## Introduction

- Books Name
- Kaysons Academy Maths Foundation Book

- Publication
- Kaysons Publication

- Course
- JEE

- Subject
- Maths

**Chapter -2**

**Polynomials**

**Introduction**

In this chapter, we shall start our study with a particular type of algebraic expression, called polynomial, and the terminology related to it. We shall also study the Remainder Theorem and Factor Theorem and their use in the factorisation of polynomials. In addition to the above, we shall study some more algebraic identities and their use in factorisation and in evaluating some given expressions.

**Polynomials in One Variable**

Let us begin by recalling that a variable is denoted by a symbol that can take any real value. We use the letters x, y, z, etc. to denote variables. Notice that 2*x*, 3*x*, – *x*, are algebraic expressions. All these expressions are of the form (a constant) × *x*. Now suppose we want to write an expression which is (a constant) × (a variable) and we do not know what the constant is. In such case, we write the constant as a, b, c, etc. So the expression will be a*x*, say.

However, there is a difference between a letter denoting a constant and a letter denoting a variable. The values of the constants remain the same throughout a particular situation, that is, the values of the constants do not change in a given problem, but the value of a variable can keep changing.

Now, consider a square of side 3 units What is its perimeter? You know that the perimeter of a square is the sum of the lengths of its four sides. Here, each side is 3 units. So, its perimeter is 4 × 3, i.e., 12 units. What will be the perimeter if each side of the square is 10 units? The perimeter is 4 × 10, i.e., 40 units. In case the length of each side is x units, the perimeter is given by 4x units. So, as the length of the side varies, the perimeter varies.

Expressions of this form are called polynomials in one variable. In the examples above, the variable is *x.* For instance, *x*^{3} – *x*^{2} + 4*x* + 7is a polynomial in *x*. For instance, *x*^{3} – *x*^{2} + 4*x* + 7 is a polynomial in *x*. Similarly, 3y^{2} + 5y is a polynomial in the variable y and t^{2} + 4 is a polynomial in the variable t.

In the polynomial *x*^{2 }+ 2*x*, the expressions *x*^{2} and 2*x* are called the terms of the polynomial. Similarly, the polynomial 3y^{2} + 5y + 7 has there terms, namely, 3y^{2}, 5y and 7. Can you write the terms of the polynomial –*x*^{3} + 4*x*^{2} + 7*x* – 2 ? This polynomial has 4 terms, namely, –*x*^{3}, 4*x*^{2}, 7*x* and –2.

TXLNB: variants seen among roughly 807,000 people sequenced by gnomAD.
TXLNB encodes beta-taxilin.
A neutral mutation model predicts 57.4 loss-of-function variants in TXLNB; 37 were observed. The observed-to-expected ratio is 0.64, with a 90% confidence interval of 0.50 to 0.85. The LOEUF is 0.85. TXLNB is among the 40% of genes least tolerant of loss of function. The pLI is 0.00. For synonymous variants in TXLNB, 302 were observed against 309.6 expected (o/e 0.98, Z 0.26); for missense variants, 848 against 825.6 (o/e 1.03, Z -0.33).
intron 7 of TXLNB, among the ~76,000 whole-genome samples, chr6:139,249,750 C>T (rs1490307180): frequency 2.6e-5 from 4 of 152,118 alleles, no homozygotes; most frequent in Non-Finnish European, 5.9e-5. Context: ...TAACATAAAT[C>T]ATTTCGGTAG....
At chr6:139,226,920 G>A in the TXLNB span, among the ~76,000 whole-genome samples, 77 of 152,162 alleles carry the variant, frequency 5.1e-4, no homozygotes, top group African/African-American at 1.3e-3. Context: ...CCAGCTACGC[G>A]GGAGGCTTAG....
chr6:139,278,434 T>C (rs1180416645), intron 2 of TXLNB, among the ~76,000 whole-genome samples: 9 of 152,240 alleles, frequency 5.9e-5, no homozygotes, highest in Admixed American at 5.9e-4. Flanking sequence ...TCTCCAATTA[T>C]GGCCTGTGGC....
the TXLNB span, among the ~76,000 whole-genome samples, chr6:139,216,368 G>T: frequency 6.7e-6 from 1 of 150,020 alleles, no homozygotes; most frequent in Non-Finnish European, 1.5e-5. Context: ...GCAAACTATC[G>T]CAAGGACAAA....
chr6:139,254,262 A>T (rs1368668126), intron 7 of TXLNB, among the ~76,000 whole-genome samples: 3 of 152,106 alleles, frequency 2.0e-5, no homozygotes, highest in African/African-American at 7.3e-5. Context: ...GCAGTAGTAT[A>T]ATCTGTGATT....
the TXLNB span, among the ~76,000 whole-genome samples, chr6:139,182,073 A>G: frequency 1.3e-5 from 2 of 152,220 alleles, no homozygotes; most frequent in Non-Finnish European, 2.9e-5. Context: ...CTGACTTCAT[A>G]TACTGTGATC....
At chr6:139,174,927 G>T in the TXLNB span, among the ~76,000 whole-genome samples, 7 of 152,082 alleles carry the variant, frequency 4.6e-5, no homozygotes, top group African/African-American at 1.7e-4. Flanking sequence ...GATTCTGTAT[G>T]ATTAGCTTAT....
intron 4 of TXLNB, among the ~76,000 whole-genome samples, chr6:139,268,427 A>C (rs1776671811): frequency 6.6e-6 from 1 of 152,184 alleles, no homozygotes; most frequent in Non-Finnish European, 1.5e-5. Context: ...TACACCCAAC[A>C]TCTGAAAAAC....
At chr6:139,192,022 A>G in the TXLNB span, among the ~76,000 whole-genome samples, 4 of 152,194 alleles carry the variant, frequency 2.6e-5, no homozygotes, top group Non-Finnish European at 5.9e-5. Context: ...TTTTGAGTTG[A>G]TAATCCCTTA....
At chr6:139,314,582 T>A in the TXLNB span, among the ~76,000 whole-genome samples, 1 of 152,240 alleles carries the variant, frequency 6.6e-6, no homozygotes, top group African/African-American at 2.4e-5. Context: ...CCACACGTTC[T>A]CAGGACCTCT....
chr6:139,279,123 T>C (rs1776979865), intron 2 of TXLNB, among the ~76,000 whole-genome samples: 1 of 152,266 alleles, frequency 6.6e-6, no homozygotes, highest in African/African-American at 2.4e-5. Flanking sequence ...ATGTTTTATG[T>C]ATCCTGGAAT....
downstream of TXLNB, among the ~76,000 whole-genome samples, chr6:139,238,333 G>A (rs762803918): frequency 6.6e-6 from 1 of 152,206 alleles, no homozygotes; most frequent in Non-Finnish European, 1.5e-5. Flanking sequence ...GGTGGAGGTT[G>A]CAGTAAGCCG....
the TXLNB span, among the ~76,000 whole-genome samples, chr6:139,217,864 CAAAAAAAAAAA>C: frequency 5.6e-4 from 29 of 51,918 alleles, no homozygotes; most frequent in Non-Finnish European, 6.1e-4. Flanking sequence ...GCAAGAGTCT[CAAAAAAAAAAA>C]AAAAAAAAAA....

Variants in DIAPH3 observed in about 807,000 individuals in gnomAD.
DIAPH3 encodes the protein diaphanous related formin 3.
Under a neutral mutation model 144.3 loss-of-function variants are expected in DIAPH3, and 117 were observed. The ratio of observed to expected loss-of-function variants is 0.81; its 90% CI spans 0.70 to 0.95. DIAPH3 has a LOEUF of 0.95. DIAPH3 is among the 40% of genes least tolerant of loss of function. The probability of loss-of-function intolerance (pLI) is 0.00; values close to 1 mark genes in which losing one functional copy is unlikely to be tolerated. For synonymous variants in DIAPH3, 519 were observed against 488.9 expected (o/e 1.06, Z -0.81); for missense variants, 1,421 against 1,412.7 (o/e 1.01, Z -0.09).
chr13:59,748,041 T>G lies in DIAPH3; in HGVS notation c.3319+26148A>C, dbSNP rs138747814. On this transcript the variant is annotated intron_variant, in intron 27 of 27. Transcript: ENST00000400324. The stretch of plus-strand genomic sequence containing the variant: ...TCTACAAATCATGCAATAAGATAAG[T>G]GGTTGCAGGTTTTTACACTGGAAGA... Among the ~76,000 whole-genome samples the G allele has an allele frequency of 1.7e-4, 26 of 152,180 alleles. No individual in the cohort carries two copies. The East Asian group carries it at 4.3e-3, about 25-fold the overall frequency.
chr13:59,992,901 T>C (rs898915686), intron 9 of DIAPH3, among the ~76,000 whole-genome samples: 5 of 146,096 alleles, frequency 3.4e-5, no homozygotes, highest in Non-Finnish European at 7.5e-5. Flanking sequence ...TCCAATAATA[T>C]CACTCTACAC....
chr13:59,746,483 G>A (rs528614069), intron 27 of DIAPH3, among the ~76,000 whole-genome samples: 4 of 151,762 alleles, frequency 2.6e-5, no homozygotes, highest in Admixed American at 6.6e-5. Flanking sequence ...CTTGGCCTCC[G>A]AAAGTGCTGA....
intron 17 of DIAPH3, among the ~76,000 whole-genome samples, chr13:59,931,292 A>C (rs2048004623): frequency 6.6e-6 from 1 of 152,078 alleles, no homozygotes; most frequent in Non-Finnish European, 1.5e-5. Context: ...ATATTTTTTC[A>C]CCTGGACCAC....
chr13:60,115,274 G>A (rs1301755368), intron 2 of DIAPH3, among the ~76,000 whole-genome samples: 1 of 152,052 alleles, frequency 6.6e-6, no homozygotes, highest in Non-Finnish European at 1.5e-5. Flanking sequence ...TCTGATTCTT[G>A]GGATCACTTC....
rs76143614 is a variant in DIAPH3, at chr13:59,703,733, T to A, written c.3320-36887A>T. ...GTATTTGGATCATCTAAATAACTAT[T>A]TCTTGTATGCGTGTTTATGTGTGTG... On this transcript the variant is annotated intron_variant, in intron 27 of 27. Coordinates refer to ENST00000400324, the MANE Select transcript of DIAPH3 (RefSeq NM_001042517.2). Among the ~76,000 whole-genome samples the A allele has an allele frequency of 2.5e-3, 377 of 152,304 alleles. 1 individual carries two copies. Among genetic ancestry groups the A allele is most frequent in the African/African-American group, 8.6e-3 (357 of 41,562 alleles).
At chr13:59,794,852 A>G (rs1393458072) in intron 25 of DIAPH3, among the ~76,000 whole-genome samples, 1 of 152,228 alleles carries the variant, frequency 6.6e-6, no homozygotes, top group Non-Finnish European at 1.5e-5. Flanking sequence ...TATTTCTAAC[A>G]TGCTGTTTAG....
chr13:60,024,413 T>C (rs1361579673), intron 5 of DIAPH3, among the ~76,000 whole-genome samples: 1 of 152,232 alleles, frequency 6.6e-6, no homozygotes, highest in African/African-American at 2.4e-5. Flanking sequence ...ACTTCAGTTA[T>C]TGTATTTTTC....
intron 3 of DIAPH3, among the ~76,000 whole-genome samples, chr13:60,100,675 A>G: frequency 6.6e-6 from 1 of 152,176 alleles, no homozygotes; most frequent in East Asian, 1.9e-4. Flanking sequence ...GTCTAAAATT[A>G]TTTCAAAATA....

Each term of a polynomial has a coefficient. So, in –*x*^{3} + 4*x*^{2} + 7*x* – 2, the coefficient of *x*^{3} is –1, the coefficient of *x*^{2} is 4, the coefficient of *x *is 7 and –2 is the coefficient of *x*^{o} (Remember, *x*^{o} = 1). Do you know the coefficient of *x* in *x*^{2} – *x* + 7? It is –1.

2 is also a polynomial. In fact, 2, –5, 7 etc. are example of constant polynomials. The constant polynomial 0 is called the zero polynomial. This plays a very important role in the collection of all polynomials, as you will see in the higher classes.

Now, look at the polynomial p(x) = 3x^{7} – 4x^{6} + x + 9. What is the term with the highest power of x ? It is 3*x*^{7}. The exponent of x in this term is 7. Similarly, in the polynomial q(y) = 5y^{6} – 4y^{2} – 6, the term with the highest power of y is 5y^{6} and the exponent of y in this term is 6. We call the highest power of the variable in a polynomial as the degree of the polynomial. So, the degree of the polynomial 3x^{7} – 4 x^{6} + x + 9 is 7 and the degree of the polynomial 5y^{6} – 4y^{2} – 6 is 6. The degree of a non-zero constant polynomial is zero.

Now, that you have seen what a polynomial of degree 1, degree 2, or degree 3 looks like, can you write down a polynomial in one variable of degree n for any natural number n? A polynomial in one variable x of degree n is an expression of the form

a_{n}*x*^{n} + a_{n – 1}*x ^{x}*

^{ – 1 }+ … + a

_{1}

*x*+ a

_{o}

Where a_{o}, a_{1}, a_{2}, …, a_{n} are constants and a_{n} ≠ 0.

In particular, if a_{o }= a_{1} = a_{2} = a_{3} = … = a_{n} = 0 (all the constants are zero), we get the zero polynomial, which is denoted by 0. What is the degree of the zero polynomial? The degree of the zero polynomial is not defined.

## Remainder Theorem

- Books Name
- Kaysons Academy Maths Foundation Book

- Publication
- Kaysons Publication

- Course
- JEE

- Subject
- Maths

**Remainder Theorem**